Later, Malcolm personally guided the expansion of the company’s accessibility, now a leader in the state. His impact on Weston will be felt far into the future, as he was instrumental in opening the new second stage in 2017, Weston Playhouse at Walker Farm, an incubator for the new theater and a hub for community engagement.

At Weston, Malcolm directed many memorable productions including: “The Music Man,” “Guys and Dolls,” “To Kill a Mockingbird,” “Chicago,” “The Oath,” “The Threepenny Opera,” “Doubt,” “Urinetown,” “The Drawer Boy,” “The Full Monty,” “Ragtime,” “Stones in his Pockets” and “Of Mice and Men.” Last year, his production of “Fun Home” opened the inaugural summer season at Weston Playhouse at Walker Farm.

Actors remember his iconic “red tech hat” which came to symbolize Malcolm’s approach to the arduous 12-hour technical rehearsals. “Remember,” he would say, “It’s called a play for a reason. Have fun and tell the story.”

Malcolm was also a very humble man, so I must turn to the Weston press release for more history. He was also a member of Chicago’s Steppenwolf Theatre family since 1987, receiving an invitation into Steppenwolf Ensemble in March 2019, the first stage manager to be asked to join the company. During his 32 years there, he stage managed more than 40 shows and took four productions to Broadway, including the recent Tony Award-winning production of Edward Albee’s “Who’s Afraid of Virginia Woolf?”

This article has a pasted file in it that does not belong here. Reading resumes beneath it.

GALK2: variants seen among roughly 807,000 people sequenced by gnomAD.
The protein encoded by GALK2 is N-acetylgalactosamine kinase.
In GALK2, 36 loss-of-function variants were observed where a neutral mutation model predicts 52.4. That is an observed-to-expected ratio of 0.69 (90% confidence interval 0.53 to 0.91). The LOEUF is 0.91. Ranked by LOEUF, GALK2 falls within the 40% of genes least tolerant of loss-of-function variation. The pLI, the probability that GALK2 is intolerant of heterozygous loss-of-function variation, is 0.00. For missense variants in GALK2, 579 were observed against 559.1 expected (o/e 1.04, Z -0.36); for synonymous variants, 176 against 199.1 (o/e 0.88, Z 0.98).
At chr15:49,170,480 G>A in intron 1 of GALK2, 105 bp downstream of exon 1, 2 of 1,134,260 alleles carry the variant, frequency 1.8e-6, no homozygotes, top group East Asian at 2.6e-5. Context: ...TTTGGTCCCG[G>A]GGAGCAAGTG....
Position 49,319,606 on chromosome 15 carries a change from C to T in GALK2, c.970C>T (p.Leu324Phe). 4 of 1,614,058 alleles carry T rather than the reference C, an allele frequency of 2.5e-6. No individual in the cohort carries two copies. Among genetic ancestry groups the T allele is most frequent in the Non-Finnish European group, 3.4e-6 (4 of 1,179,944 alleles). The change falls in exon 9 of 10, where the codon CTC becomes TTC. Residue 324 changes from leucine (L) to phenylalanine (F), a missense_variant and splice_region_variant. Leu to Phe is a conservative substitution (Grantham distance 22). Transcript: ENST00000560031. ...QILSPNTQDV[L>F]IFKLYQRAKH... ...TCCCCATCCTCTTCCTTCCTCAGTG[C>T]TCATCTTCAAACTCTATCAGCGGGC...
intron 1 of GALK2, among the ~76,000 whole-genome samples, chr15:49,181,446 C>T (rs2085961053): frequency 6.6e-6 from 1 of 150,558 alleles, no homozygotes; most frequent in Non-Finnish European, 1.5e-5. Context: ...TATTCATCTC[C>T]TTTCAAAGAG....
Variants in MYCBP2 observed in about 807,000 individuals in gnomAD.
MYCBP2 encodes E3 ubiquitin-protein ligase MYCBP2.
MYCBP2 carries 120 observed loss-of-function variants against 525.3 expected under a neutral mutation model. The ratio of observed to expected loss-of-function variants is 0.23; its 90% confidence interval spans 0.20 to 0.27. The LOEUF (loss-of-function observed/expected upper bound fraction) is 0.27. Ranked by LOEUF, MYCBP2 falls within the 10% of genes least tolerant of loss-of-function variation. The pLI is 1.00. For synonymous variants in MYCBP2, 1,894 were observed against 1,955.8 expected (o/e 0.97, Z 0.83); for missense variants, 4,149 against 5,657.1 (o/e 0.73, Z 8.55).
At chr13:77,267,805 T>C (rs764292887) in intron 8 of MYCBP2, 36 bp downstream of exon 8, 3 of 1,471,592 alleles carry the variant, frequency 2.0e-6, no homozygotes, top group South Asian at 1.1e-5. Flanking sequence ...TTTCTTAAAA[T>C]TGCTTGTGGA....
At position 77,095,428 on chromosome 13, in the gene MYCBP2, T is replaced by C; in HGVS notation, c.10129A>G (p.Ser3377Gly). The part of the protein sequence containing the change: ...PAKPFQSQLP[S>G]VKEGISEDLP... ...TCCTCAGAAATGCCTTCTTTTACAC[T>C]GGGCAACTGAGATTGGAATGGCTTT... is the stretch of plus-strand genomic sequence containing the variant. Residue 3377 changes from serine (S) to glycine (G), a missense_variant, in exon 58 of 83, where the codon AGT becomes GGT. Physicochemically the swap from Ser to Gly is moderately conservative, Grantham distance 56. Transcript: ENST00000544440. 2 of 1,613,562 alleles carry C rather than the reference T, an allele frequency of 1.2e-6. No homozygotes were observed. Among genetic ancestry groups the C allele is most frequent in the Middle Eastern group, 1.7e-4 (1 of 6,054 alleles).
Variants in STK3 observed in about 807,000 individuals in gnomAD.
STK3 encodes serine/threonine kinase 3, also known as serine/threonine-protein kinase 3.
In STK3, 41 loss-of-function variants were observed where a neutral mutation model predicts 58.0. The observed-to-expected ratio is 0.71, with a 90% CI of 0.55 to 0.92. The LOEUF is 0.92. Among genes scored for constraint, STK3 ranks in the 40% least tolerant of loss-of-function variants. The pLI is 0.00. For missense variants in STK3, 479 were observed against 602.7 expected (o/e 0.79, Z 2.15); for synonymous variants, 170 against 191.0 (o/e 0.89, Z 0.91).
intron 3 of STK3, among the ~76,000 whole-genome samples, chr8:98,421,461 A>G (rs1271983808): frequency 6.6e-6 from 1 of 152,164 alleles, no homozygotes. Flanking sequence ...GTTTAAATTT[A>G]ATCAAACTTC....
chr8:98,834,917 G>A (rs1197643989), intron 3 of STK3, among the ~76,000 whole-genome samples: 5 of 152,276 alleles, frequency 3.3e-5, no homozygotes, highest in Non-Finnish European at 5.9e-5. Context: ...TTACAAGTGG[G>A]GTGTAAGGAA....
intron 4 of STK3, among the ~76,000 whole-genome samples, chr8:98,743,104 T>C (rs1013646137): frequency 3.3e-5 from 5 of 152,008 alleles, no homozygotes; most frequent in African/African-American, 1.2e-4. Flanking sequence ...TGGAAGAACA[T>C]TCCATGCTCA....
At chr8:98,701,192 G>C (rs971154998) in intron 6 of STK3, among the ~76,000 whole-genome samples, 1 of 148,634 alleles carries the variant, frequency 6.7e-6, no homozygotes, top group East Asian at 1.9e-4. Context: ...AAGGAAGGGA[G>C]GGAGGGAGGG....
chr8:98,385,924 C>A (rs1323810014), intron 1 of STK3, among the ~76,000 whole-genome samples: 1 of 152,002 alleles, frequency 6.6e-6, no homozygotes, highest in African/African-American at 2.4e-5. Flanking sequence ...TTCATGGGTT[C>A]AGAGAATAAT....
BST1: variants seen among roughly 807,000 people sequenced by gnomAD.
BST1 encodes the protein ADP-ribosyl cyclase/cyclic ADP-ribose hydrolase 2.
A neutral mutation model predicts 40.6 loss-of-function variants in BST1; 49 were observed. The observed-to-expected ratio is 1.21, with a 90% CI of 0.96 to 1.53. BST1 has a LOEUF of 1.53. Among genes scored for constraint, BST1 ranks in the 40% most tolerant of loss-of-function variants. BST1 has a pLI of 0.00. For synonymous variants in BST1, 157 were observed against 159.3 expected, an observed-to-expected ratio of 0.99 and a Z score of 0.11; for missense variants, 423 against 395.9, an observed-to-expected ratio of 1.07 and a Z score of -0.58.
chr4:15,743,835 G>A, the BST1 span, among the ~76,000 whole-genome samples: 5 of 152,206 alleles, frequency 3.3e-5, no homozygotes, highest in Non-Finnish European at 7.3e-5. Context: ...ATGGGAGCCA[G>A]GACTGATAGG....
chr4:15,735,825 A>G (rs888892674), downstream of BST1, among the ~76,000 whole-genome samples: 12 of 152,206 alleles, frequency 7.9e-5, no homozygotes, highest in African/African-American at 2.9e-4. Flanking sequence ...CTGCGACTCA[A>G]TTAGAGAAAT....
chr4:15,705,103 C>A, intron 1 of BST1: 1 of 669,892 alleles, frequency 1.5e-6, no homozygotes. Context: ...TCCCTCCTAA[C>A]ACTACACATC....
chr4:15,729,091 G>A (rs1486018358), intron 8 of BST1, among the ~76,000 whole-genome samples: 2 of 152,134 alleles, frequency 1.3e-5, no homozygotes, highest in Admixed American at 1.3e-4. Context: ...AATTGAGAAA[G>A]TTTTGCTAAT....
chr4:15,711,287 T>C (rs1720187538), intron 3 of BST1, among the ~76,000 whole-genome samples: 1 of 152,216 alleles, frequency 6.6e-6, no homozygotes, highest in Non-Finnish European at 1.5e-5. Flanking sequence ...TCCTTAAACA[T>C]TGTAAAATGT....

“There is no one who embodies what it means to be an ensemble member more than Malcolm Ewen,” Anna Shapiro, Steppenwolf’s artistic director, said then. “We all know the lie of the theater is that it’s made by the people you can see. For more than 30 years, Malcolm has been a pillar of Steppenwolf, contributing immensely to the honor, to the legacy and to the spirit of this company. Malcolm has touched the lives of every single member of our ensemble, and it’s time for the world to know the impact he has made — and continues to make — on us all.”

Malcolm was the 2014 recipient of the Robert Christen Award for Technical Collaboration presented by the Michael Merritt Awards, and in 2018 he received the Del Hughes Award for lifetime achievement in stage management, given by the Stage Manager’s Association of the United States.

A lifetime advocate for actors and stage managers’ equitable treatment in the workplace, Malcolm served on the Council of Actors’ Equity Association, fighting for the rights of his fellow union members. Malcolm was also a long-serving board member for Season of Concern, and helped many theaters raise money over the course of his career. He previously served on the board of The Actors Fund.

In addition to his theater family, Malcolm is survived by his brother William Ewen, sister Camilla Durbin and five nephews and nieces.

For those of us who knew Malcolm, losing him is heartbreaking.

Jim Lowe is the theater critic and arts editor of The Barre-Montpelier Times Argus and can be reached at jim.lowe@rutlandherald.com or jim.lowe@timesargus.com.